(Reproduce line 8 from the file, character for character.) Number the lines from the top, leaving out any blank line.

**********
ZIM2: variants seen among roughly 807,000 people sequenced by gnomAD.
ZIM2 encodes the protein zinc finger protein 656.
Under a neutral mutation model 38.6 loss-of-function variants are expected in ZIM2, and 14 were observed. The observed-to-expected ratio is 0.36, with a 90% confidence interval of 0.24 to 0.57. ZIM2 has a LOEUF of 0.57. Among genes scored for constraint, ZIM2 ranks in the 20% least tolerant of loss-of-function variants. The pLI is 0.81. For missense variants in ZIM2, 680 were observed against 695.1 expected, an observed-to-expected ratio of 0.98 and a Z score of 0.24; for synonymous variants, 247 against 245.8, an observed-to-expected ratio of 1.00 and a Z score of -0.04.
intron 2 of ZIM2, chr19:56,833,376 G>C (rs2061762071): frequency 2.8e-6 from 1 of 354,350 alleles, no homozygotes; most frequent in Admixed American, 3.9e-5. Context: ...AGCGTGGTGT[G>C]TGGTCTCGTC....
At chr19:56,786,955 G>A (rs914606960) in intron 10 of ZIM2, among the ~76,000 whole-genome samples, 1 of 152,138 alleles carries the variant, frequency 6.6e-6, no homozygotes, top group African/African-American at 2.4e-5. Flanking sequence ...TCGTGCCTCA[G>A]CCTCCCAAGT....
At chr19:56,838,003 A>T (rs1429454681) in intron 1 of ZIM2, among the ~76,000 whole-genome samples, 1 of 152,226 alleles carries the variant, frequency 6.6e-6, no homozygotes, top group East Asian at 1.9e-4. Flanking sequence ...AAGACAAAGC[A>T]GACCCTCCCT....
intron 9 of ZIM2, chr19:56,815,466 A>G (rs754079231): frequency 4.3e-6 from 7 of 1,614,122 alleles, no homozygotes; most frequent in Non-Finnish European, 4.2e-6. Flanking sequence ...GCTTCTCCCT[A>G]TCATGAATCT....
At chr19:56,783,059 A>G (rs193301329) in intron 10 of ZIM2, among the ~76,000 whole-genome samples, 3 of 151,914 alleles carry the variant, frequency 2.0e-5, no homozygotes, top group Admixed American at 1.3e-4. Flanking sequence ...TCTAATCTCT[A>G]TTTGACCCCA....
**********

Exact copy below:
At chr19:56,783,059 A>G (rs193301329) in intron 10 of ZIM2, among the ~76,000 whole-genome samples, 3 of 151,914 alleles carry the variant, frequency 2.0e-5, no homozygotes, top group Admixed American at 1.3e-4. Flanking sequence ...TCTAATCTCT[A>G]TTTGACCCCA....